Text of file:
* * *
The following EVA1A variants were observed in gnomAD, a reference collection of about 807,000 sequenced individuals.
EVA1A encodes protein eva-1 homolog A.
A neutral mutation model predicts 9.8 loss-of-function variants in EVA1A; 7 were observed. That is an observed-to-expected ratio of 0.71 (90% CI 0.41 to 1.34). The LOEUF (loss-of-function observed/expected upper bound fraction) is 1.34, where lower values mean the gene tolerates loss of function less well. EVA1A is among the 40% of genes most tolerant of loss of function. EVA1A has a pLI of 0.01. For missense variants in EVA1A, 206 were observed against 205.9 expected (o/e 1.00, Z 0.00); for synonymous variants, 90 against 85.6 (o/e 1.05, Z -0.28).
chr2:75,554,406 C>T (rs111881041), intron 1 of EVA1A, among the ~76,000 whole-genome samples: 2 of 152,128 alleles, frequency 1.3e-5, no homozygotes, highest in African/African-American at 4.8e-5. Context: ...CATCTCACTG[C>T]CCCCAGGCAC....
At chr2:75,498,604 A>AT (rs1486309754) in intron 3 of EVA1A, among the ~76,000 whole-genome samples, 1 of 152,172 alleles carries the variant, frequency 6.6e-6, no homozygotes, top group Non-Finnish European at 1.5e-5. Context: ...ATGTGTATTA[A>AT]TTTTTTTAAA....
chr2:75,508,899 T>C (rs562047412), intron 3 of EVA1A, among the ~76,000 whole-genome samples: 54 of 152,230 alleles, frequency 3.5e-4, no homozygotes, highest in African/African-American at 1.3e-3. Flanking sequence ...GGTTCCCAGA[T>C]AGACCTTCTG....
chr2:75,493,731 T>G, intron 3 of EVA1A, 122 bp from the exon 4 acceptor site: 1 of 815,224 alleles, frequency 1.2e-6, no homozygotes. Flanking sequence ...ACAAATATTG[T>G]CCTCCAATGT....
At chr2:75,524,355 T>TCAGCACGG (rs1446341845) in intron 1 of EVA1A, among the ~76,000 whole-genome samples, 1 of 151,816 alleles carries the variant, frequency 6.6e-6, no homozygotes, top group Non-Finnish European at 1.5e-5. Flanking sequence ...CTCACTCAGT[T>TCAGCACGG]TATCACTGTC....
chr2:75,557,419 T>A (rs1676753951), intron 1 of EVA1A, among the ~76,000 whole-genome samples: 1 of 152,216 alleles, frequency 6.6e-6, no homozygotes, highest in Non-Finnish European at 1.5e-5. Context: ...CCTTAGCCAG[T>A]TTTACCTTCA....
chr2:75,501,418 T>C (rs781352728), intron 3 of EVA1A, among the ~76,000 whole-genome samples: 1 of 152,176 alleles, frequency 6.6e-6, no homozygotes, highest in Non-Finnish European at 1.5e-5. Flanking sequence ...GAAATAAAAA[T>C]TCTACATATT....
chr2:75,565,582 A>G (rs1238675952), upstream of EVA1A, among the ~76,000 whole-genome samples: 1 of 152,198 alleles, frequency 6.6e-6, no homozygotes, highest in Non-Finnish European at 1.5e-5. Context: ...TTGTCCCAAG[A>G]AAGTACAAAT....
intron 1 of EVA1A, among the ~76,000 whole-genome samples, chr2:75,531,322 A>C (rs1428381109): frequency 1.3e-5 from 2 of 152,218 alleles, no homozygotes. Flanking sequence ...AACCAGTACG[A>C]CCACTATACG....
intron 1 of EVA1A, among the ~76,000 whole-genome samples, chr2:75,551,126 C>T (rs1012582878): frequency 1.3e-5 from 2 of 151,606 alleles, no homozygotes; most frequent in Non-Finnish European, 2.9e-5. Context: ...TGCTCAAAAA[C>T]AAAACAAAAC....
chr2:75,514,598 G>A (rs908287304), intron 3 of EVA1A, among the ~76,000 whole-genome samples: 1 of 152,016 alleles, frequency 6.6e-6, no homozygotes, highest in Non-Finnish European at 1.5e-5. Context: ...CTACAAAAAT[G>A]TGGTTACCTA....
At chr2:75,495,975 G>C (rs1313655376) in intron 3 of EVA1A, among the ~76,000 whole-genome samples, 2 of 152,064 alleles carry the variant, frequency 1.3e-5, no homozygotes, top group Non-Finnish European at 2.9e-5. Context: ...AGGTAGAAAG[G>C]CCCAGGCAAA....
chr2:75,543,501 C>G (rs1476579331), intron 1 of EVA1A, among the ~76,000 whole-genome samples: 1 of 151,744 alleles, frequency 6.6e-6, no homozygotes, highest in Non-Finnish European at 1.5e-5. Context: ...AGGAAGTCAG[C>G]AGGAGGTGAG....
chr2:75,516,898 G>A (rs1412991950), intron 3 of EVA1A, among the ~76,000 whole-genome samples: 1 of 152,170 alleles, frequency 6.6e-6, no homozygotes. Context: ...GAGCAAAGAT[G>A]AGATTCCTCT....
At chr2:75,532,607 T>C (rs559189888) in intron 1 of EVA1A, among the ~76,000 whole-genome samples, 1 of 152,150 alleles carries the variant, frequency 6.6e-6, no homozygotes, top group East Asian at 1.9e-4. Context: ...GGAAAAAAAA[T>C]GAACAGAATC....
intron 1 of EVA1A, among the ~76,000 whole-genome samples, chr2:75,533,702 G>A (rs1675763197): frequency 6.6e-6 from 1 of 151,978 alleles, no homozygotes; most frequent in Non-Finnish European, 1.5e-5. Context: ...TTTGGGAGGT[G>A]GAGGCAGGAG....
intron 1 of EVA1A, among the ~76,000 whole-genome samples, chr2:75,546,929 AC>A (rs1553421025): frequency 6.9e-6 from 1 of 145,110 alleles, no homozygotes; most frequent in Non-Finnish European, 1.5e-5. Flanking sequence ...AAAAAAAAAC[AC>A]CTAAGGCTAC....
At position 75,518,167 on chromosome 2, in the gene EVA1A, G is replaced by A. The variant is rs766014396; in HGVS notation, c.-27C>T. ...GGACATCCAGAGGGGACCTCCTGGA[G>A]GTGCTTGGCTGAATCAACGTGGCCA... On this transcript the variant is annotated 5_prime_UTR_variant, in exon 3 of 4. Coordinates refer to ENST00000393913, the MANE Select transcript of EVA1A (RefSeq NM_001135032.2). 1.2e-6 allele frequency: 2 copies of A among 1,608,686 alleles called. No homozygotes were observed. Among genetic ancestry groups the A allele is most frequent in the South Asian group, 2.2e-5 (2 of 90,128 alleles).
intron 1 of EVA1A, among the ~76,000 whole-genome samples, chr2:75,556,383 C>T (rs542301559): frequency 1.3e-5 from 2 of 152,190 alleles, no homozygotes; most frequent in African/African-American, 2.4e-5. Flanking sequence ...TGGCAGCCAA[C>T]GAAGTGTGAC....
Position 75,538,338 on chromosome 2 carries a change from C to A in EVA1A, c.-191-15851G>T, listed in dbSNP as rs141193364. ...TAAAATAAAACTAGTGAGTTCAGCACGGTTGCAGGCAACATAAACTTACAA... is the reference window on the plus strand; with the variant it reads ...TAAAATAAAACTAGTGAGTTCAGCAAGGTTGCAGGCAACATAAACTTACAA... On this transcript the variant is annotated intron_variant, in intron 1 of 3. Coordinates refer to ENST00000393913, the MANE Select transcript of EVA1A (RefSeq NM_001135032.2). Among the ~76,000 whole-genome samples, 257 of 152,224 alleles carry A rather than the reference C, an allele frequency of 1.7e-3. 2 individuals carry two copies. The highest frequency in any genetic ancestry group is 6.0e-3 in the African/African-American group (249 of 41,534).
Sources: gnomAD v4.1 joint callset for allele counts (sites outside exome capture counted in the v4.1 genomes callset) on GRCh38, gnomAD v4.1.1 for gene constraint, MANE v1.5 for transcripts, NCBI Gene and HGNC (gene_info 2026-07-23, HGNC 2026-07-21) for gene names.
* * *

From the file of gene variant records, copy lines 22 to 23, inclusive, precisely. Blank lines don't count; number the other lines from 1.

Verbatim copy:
intron 1 of EVA1A, among the ~76,000 whole-genome samples, chr2:75,556,383 C>T (rs542301559): frequency 1.3e-5 from 2 of 152,190 alleles, no homozygotes; most frequent in African/African-American, 2.4e-5. Flanking sequence ...TGGCAGCCAA[C>T]GAAGTGTGAC....
Position 75,538,338 on chromosome 2 carries a change from C to A in EVA1A, c.-191-15851G>T, listed in dbSNP as rs141193364. ...TAAAATAAAACTAGTGAGTTCAGCACGGTTGCAGGCAACATAAACTTACAA... is the reference window on the plus strand; with the variant it reads ...TAAAATAAAACTAGTGAGTTCAGCAAGGTTGCAGGCAACATAAACTTACAA... On this transcript the variant is annotated intron_variant, in intron 1 of 3. Coordinates refer to ENST00000393913, the MANE Select transcript of EVA1A (RefSeq NM_001135032.2). Among the ~76,000 whole-genome samples, 257 of 152,224 alleles carry A rather than the reference C, an allele frequency of 1.7e-3. 2 individuals carry two copies. The highest frequency in any genetic ancestry group is 6.0e-3 in the African/African-American group (249 of 41,534).